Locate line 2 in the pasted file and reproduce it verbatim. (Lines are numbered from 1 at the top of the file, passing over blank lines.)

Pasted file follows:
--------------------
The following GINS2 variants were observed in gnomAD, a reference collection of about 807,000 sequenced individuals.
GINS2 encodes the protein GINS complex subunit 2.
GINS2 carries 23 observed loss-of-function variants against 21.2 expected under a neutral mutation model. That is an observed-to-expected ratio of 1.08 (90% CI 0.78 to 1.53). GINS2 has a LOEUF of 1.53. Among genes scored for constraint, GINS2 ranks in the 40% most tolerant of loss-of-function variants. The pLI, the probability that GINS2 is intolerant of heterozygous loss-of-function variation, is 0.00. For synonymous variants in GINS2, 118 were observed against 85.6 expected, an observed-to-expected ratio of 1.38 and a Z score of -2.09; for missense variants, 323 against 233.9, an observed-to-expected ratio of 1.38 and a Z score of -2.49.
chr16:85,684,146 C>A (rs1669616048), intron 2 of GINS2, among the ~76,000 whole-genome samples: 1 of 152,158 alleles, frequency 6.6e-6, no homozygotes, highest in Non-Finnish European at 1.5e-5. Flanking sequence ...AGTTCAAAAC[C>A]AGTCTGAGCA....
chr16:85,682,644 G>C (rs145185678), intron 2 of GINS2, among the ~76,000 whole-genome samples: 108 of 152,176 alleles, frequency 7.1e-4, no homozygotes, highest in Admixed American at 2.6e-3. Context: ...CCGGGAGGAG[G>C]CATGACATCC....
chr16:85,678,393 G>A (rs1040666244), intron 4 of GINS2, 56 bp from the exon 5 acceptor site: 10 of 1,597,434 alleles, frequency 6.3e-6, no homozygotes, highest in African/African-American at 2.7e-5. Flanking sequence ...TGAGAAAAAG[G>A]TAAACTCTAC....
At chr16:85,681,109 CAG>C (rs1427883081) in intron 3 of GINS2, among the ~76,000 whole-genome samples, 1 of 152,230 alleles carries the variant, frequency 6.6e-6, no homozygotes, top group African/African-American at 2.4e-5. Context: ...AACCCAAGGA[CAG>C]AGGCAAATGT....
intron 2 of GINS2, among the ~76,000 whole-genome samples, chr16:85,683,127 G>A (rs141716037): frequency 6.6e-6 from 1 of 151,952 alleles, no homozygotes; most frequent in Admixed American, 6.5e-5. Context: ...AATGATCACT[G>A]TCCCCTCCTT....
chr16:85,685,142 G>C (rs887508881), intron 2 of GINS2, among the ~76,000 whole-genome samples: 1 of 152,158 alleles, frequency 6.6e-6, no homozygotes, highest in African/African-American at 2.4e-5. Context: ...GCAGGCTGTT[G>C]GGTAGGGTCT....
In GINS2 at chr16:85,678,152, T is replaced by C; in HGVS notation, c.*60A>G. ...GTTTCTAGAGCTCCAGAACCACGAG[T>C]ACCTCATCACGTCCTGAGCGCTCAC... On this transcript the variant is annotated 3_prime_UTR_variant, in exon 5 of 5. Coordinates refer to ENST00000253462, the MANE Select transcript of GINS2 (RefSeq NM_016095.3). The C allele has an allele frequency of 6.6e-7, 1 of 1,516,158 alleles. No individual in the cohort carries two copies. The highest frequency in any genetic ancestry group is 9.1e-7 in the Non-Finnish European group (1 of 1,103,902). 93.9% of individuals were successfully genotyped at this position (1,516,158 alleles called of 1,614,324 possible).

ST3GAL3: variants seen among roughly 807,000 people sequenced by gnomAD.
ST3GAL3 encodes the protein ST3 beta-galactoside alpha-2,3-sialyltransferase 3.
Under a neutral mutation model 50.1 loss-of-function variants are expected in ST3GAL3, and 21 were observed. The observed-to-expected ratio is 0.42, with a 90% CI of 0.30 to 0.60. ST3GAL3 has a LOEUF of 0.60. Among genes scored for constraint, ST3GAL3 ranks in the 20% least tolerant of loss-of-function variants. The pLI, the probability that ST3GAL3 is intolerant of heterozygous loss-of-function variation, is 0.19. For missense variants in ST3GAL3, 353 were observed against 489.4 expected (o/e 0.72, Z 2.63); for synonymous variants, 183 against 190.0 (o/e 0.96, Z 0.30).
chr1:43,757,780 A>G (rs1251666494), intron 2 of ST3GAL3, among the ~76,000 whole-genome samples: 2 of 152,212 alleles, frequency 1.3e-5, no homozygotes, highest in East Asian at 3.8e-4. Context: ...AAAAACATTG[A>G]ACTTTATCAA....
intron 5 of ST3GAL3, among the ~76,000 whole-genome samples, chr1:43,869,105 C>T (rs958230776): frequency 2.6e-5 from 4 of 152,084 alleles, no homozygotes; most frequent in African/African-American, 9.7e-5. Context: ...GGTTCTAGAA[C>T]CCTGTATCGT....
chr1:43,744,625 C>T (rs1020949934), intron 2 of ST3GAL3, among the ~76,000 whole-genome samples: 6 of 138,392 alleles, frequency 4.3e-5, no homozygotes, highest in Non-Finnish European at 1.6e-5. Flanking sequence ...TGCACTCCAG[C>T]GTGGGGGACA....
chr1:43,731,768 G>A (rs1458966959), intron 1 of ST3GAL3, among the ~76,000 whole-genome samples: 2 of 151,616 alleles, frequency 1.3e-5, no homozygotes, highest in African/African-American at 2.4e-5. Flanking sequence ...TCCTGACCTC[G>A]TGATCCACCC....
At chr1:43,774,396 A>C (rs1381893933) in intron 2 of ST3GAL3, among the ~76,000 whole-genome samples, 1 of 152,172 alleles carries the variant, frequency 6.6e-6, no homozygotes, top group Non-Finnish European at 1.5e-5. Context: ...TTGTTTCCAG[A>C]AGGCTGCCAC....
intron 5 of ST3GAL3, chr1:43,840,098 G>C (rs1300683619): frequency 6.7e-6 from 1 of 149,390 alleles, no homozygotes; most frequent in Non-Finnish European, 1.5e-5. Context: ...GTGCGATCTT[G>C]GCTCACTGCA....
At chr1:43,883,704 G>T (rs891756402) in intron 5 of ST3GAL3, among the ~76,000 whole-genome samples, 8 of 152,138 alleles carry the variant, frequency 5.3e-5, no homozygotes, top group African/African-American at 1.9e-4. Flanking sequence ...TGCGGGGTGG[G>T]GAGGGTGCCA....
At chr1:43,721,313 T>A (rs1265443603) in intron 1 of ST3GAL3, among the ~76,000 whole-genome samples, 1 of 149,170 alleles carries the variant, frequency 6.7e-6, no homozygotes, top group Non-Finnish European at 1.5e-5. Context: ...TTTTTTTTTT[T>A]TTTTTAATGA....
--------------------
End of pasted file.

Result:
GINS2 encodes the protein GINS complex subunit 2.